Make your own container herb garden
Herbs have a very important role to play in our daily lives. Could you imagine cooking your favourite meals without that handful of parsley, dill, or basil? Not to mention the fact that there really is nothing better than the fresh herb itself. Sure, you can find dried herbs at your local supermarket but the flavour is just not quite the same. Unfortunately, herbs are not always cultivated in the best environments and sometimes they are significantly more expensive than they should be. This has resulted in an increasing number of people getting their hands dirty. Yes, planting your own herb garden will not only prove cheaper in the end, but it’s also extremely rewarding and convenient to have all the herbs you need right there in your kitchen or garden.
While herbs can be planted in your garden, it’s better to use the container garden approach. Not only can you easily keep track of all your plants, but you can also move them if need be. In the beginning, you may need to invest in a few supplies but it will be more than worth it in the long run.
List your herbs
Take a moment to think about all the herbs you commonly use in your kitchen and home. Some of the most popular include parsley, dill, basil, oregano, coriander, thyme, rosemary, tarragon, mint and sage. Take account of the needs of the plant before you move on to the next stem. If you don’t want to end up replanting herbs like basil too often, you will need to select a home that will cater to their needs. In other words, you need a pot or container that is large enough to allow for growth.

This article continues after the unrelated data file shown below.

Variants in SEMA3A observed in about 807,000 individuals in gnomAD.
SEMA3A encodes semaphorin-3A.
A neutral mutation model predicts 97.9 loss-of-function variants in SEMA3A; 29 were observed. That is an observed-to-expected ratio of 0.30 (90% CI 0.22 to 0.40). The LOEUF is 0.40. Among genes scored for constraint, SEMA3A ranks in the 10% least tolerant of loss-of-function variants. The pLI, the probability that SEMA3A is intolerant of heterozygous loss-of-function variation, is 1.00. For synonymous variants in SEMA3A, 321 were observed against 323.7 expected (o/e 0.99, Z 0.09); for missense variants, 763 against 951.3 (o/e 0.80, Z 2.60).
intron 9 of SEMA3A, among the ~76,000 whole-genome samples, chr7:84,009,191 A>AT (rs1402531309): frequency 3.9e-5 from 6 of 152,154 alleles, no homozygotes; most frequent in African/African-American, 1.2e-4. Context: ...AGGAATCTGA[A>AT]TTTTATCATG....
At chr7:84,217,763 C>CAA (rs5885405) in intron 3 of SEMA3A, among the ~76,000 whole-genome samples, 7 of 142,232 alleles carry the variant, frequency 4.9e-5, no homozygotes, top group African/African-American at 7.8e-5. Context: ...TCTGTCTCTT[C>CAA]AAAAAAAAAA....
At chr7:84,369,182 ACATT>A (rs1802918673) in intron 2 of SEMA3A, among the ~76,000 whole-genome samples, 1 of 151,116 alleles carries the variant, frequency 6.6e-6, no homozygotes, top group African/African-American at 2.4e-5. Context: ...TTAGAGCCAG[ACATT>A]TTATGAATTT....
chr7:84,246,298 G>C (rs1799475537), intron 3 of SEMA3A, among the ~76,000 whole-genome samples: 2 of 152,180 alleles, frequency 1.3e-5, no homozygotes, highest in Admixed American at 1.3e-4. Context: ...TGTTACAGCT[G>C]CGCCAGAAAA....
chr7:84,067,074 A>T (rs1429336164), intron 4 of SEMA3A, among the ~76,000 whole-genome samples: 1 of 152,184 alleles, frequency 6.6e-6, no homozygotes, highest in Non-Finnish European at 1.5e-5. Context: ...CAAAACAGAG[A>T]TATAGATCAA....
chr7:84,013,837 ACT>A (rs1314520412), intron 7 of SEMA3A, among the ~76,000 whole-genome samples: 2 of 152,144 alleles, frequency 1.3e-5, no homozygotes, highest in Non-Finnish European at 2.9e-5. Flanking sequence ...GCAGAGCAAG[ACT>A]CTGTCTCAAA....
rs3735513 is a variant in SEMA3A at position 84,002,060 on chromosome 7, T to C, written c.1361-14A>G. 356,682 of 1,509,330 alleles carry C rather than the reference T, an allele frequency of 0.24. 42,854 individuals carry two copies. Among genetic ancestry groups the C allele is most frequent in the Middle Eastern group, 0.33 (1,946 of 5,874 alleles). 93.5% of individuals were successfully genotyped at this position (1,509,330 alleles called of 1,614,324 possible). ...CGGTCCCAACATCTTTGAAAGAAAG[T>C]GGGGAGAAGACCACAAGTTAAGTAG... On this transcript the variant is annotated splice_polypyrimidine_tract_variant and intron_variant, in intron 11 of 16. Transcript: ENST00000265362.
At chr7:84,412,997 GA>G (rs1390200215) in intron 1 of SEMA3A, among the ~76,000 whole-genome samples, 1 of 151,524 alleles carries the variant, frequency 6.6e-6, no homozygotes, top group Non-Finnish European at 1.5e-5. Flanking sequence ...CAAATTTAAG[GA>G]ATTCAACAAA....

As previously mention, you need container that are of various sizes. Some plants, like basil, should be grown in smaller pots before they are moved to a larger one. Each herb plant will let you know if they are not happy. For example, if the leaves on your basil plant are smaller than they should be, this could be a sign that you need to move it to a larger pot. It’s also worth considering the life cycle of the plant. Some herbs will continue to grow provided their basic needs are met. Others have an almost set lifespan and there’s not much you can do to keep them from perishing but you can allow them to release their seeds so that you have a fresh supply sooner rather than later. In some cases, herbs may enjoy time outdoors in the warmer months but you might need to move them inside during winter. Keep this in mind and make sure that you have the space for these plants in your home if you want to keep them throughout the winter too.
Regular care and replanting
Different types of herbs have different preferences, so to speak. While some enjoy more sun, others prefer shade. Before selecting seeds or seedlings, make sure that you know what the plant needs in order to grow and thrive. Remember, sometimes seeds will sprout but they will eventually perish and they will not develop properly if they are not kept in an ideal environment. If you don’t want your herbs to reseed on their own (like coriander for example) you could remove the seeds from the plant and save them for next season. Store the seeds in a dry, cool place and plant them when the weather is suitable. Pests love certain herbs and snails can be a real bother in particular. Snail traps and natural repellents are great for keeping your herbs safe without chemicals. That said, you should always wash your herbs thoroughly before use.
If your plant produces plenty of leaves and you don’t want them to wilt or perish before you use them, you can remove these leaves, chop them up and place them in your freezer. Be sure to mark all of your packages because they tend to look alike once frozen.